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116 A.L.R. 712 (1938), and the Later Case Service. The court's reading of these cases is to the effect that the scar must be such as to attract immediate attention and materially detract from the person's appearance.
The court does not believe that the fact that the scar on the plaintiff's knee is usually hidden by trousers should affect its judgment:
Nor should the availability of cosmetics or wigs be taken into account in an objective determination of whether a scar constitutes a permanent significant disfigurement. Cf. Arkin v. Industrial Comm'n of Colorado, 145 Colo. 463, 358 P. 2d 879 (Sup. Ct. 1961) dealing with the availability of prosthetic devices.
Applying the case law cited above to the facts at hand, the court holds that although plaintiff has suffered scarring which appears to be permanent in nature (although that is not decided as a fact), the court does not believe that it is of the significant nature needed to override the tort exemption of our No Fault Law. N.J.S.A. 39:6A-8. This court believes the words of the court in General Motors Corp. v. Shannon, supra, 155 A.2d at 238, are most descriptive of this court's attitude towards plaintiff's scars:
I can think of no form of activity, social, economic, or otherwise, in which the claimant might indulge, and be subject to embarrassment by the presence of [these] small scar[s].
The next issues to be considered by the court contain both substantive and procedural problems. Plaintiff argues that his constitutional right to a jury trial is being denied by the
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court's deciding whether or not the scarring described above constitutes a "permanent significant disfigurement" under N.J.S.A. 39:6A-8. The defendants contend that the proper resolution of this question should be by the court on a motion for summary judgment, R. 4:46, or after a hearing in a summary action brought pursuant to R. 4:67-5 with the complaining party exhibiting the alleged permanent significant disfigurement to the court in camera as has taken place in this case.
The N.J. Const. (1947), Art. 1, par. 9, states that the "right of trial by jury shall remain inviolate." This right has been interpreted as guaranteeing a litigant a jury trial only in those cases where a party was entitled to a jury trial under the 1776 and 1844 Constitutions of New Jersey. Steiner v. Stein, 2 N.J. 367, 379 (1949), and Montclair v. Stanoyevich, 6 N.J. 479, 484 (1951). Thus, a jury trial is not warranted where there are factual disputes historically dealt with by a court of equity, Steiner v. Stein, supra, and the right generally extends only to issues of fact in those classes of cases where a right to a jury trial was known at common law. Montclair v. Stanoyevich, supra. And it should be noted at this point that the right to a jury trial in civil cases guaranteed by the Seventh Amendment of the United States Constitution has not been held applicable to the states through the Due Process Clause of the Fourteenth Amendment. See the cases cited in Melancon v. McKeithen, 345 F. Supp. 1025 (E.D. La. 1972), aff'd 409 U.S. 943, 93 S. Ct. 289, 34 L. Ed. 2d 214, and aff'd 409 U.S. 1098, 93 S. Ct. 908, 34 L. Ed. 2d 679.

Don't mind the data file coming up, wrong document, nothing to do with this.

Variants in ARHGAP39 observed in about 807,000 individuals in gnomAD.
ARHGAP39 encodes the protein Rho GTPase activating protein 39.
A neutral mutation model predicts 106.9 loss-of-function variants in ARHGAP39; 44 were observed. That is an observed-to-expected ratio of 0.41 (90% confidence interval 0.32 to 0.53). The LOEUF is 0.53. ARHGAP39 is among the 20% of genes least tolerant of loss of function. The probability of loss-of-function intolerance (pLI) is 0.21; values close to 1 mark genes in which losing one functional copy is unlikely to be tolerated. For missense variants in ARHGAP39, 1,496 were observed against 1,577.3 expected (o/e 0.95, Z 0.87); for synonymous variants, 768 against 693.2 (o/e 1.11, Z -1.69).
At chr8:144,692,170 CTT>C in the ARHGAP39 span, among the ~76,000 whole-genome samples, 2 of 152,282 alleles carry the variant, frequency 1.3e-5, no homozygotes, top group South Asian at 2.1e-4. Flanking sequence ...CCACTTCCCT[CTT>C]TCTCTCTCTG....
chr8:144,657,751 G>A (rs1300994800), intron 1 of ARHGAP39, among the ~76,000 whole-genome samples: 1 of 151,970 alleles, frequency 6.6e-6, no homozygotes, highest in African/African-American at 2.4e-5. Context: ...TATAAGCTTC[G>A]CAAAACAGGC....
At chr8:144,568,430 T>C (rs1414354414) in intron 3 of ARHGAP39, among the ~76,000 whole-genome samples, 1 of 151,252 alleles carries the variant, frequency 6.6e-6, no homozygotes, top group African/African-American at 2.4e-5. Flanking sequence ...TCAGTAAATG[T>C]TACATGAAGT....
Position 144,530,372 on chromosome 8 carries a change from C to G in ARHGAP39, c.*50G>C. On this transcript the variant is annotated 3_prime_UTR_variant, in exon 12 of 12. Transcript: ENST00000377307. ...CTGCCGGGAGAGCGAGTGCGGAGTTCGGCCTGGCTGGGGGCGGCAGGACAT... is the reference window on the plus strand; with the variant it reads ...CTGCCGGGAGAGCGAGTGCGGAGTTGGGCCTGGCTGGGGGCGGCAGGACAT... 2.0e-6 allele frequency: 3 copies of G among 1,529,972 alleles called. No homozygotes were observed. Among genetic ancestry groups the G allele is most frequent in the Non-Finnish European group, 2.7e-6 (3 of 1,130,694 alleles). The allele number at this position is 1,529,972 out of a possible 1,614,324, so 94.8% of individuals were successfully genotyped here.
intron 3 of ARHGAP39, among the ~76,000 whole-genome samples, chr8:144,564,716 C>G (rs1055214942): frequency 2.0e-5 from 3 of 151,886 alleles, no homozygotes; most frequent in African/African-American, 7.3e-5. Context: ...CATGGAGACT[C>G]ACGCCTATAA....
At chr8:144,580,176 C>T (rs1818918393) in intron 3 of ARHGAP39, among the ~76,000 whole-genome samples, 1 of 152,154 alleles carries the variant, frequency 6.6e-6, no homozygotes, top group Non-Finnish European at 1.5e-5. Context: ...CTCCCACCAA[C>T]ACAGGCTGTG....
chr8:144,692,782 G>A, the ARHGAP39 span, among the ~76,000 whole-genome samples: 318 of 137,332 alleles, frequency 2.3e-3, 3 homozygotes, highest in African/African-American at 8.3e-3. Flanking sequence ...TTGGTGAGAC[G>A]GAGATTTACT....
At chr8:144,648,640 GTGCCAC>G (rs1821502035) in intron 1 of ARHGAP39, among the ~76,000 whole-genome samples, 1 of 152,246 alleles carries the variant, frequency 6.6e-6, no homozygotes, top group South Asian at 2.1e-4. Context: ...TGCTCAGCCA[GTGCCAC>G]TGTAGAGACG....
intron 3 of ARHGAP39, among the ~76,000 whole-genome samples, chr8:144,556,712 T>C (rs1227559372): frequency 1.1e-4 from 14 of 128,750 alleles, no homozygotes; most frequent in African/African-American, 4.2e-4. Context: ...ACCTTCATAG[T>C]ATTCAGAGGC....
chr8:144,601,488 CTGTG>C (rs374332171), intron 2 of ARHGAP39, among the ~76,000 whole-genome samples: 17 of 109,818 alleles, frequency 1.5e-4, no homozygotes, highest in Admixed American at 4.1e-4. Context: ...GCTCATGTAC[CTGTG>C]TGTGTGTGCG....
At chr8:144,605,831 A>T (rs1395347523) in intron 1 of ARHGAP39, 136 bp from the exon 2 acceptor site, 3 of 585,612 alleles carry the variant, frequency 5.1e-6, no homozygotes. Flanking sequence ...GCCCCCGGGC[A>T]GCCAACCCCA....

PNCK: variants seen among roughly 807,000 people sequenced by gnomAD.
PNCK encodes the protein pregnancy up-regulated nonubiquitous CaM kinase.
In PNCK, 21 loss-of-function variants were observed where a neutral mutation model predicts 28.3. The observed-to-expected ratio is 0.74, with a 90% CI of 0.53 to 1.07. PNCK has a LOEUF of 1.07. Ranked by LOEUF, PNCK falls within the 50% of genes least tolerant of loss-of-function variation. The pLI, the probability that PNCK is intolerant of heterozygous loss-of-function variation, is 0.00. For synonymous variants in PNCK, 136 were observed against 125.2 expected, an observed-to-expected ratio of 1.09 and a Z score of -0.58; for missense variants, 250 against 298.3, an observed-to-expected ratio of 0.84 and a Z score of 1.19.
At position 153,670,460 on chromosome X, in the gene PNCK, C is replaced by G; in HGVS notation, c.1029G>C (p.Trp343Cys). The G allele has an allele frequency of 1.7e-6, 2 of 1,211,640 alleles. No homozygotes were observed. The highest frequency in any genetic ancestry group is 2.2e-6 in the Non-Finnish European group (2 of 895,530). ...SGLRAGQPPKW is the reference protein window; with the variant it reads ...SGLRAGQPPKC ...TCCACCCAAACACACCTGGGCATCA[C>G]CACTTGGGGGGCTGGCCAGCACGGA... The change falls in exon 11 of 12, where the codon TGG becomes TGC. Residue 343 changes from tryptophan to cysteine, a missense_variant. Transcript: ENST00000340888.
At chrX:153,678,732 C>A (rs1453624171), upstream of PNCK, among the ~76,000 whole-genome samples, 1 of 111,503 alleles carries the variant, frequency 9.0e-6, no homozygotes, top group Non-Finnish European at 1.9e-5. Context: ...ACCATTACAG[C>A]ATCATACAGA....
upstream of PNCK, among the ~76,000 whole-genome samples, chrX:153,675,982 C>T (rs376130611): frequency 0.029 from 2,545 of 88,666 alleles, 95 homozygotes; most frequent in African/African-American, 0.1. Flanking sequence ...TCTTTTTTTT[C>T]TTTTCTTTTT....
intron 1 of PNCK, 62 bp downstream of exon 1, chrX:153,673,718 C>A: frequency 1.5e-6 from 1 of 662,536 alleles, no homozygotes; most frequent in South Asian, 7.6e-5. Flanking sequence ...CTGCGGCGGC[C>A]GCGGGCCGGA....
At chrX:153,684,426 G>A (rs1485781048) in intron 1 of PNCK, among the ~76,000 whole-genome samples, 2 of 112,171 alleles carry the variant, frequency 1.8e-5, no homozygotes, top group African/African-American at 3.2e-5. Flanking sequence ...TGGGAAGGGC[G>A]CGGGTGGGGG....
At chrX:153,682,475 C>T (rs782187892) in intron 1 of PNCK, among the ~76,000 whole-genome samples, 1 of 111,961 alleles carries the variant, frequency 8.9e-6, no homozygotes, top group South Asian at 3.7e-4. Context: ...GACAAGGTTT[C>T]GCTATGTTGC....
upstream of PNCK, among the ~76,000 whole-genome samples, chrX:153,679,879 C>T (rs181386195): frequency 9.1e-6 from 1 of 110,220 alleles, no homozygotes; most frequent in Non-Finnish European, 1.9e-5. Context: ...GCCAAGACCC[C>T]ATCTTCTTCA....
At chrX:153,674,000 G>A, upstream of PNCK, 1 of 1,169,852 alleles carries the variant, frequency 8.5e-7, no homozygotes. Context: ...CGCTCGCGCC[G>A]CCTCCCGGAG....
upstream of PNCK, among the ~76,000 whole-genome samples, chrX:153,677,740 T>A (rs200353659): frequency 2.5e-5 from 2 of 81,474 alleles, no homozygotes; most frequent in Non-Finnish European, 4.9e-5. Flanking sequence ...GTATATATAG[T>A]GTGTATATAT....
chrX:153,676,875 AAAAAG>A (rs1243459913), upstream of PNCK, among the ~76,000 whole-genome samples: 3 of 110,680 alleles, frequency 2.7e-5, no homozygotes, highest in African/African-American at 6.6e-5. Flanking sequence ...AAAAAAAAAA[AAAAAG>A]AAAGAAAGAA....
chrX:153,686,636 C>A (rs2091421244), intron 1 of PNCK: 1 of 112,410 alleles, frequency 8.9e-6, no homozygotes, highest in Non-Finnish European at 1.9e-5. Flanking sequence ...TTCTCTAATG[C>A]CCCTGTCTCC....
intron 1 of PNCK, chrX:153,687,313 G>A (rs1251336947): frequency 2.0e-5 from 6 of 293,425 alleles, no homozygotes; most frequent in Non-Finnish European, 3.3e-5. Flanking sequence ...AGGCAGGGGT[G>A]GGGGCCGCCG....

Interpretation of the law on a given, uncontroverted set of facts is for the court. The right to a jury trial never acted as a bar in New Jersey to motions in the form of summary judgment. Coykendall v. Robinson, 39 N.J.L. 98, 100-101 (E. & A. 1876); Jasion v. Preferred Acc. Ins. Co., 113 N.J.L. 108, 110-111 (E. & A. 1934), and National Surety Corp. v. Clement, 133 N.J.L. 22, 26
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(E. & A. 1945). Where subjective states of mind are potentially in issue, e.g., malice or fraud, our courts deal cautiously with summary judgment motions. Judson v. Peoples Bank & Trust Co. of Westfield, 17 N.J. 67, 76 (1954). But where the facts are not in dispute and divergent inferences cannot arise, a question of law is presented for the court regardless of the type of suit. Wemple v. B.F. Goodrich Co., 126 N.J.L. 465, 469 (E. & A. 1941) ("reasonable time"); Marti v. Standard Fire Insurance Co., 127 N.J.L. 591, 593 (E. & A. 1941), and Prostick v. Vroom, 128 N.J.L. 383, 386 (Sup. Ct.), aff'd 129 N.J.L. 465, 467 (E. & A. 1943) (probable cause to file complaint in malicious prosecution action).